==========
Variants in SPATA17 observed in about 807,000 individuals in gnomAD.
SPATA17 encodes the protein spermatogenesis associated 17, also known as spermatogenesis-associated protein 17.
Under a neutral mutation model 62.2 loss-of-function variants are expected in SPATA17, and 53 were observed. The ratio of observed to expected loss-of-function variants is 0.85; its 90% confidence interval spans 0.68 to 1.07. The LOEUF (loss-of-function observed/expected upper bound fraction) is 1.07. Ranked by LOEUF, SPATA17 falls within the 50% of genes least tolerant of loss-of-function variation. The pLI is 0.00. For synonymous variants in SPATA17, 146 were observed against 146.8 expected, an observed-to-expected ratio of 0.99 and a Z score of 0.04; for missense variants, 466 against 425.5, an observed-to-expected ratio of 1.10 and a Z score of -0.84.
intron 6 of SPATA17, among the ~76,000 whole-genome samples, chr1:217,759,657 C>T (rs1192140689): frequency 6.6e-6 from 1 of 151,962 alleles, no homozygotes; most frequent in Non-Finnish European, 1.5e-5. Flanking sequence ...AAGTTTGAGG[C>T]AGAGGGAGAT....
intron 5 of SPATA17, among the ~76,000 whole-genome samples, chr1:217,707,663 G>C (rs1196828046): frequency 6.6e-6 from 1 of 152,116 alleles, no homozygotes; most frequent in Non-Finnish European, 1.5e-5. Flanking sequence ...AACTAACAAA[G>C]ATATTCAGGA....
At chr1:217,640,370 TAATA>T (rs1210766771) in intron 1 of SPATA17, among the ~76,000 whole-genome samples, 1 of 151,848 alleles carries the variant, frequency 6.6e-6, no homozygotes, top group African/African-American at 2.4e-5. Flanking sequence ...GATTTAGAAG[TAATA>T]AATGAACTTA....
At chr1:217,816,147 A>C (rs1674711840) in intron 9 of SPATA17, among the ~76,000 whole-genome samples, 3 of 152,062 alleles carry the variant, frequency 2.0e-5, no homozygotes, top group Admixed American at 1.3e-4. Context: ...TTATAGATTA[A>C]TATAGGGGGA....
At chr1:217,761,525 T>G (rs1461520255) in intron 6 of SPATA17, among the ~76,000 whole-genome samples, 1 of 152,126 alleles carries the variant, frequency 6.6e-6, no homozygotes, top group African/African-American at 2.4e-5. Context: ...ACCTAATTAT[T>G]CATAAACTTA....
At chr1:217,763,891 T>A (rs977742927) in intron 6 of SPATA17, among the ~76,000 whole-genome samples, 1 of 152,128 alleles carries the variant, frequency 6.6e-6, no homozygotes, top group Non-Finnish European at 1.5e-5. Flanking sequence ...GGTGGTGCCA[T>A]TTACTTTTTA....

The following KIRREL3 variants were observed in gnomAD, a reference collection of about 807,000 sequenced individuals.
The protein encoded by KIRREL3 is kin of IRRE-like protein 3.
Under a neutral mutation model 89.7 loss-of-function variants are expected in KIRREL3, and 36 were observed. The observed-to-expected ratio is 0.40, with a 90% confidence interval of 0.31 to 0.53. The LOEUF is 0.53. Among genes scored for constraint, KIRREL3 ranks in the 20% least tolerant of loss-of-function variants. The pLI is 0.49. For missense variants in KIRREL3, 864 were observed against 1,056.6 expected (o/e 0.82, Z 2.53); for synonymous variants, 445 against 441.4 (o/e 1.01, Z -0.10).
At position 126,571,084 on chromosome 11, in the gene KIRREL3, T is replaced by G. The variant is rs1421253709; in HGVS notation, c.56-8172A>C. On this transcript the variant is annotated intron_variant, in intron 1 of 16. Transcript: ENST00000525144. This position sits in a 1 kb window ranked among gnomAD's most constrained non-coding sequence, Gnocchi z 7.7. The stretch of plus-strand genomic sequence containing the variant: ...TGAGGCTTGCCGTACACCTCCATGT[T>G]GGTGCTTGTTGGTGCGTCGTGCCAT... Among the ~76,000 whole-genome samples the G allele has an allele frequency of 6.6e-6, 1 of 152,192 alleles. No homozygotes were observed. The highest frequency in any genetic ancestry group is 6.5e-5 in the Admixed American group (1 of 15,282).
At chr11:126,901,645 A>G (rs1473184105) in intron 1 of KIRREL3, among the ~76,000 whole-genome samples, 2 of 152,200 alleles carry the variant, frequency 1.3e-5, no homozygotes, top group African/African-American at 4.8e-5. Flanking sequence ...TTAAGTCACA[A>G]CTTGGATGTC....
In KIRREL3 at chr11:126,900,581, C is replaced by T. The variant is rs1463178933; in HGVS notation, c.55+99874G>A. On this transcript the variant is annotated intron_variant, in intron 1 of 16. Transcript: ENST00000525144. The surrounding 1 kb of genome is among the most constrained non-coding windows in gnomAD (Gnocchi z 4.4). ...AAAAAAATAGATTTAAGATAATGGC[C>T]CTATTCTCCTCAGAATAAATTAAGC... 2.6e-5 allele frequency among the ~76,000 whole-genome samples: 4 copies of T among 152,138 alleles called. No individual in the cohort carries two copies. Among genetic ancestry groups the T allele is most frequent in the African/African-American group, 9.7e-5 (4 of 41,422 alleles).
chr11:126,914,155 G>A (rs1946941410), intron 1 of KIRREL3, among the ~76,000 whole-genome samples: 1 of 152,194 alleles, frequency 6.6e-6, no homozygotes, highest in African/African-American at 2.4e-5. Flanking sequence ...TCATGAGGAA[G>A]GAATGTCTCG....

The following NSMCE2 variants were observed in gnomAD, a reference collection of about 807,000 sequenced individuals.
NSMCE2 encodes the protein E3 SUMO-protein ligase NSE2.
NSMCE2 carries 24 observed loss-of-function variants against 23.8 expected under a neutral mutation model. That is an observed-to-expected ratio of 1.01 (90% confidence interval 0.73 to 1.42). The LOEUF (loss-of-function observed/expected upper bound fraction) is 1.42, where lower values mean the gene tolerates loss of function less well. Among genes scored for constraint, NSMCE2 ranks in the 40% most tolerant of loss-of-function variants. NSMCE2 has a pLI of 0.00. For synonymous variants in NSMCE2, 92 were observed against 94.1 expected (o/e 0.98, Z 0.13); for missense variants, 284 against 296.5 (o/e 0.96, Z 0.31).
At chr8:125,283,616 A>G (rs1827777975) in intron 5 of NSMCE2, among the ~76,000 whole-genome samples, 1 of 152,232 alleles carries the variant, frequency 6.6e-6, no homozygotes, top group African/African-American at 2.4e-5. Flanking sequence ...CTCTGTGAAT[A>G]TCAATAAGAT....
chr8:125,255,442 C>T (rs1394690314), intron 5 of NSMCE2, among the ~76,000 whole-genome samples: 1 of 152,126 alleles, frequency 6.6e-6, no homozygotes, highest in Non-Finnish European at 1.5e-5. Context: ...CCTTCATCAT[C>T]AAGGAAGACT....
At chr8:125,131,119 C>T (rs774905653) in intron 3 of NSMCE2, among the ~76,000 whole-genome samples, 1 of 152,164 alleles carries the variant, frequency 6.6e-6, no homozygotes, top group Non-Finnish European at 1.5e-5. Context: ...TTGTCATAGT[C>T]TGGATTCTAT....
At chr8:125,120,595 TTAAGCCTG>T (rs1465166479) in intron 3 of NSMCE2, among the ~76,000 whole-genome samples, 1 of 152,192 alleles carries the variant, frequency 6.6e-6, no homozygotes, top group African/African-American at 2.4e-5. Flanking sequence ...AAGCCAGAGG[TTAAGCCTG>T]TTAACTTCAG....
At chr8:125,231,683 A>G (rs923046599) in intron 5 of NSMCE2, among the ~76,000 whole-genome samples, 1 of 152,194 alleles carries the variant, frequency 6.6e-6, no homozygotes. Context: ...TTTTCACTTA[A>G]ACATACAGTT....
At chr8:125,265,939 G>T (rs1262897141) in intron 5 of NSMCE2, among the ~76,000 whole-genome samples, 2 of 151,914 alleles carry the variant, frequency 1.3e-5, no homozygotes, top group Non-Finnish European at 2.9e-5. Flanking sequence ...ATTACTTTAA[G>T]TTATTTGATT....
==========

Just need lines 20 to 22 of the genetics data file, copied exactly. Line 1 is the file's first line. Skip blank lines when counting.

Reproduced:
At chr8:125,283,616 A>G (rs1827777975) in intron 5 of NSMCE2, among the ~76,000 whole-genome samples, 1 of 152,232 alleles carries the variant, frequency 6.6e-6, no homozygotes, top group African/African-American at 2.4e-5. Flanking sequence ...CTCTGTGAAT[A>G]TCAATAAGAT....
chr8:125,255,442 C>T (rs1394690314), intron 5 of NSMCE2, among the ~76,000 whole-genome samples: 1 of 152,126 alleles, frequency 6.6e-6, no homozygotes, highest in Non-Finnish European at 1.5e-5. Context: ...CCTTCATCAT[C>T]AAGGAAGACT....
At chr8:125,131,119 C>T (rs774905653) in intron 3 of NSMCE2, among the ~76,000 whole-genome samples, 1 of 152,164 alleles carries the variant, frequency 6.6e-6, no homozygotes, top group Non-Finnish European at 1.5e-5. Context: ...TTGTCATAGT[C>T]TGGATTCTAT....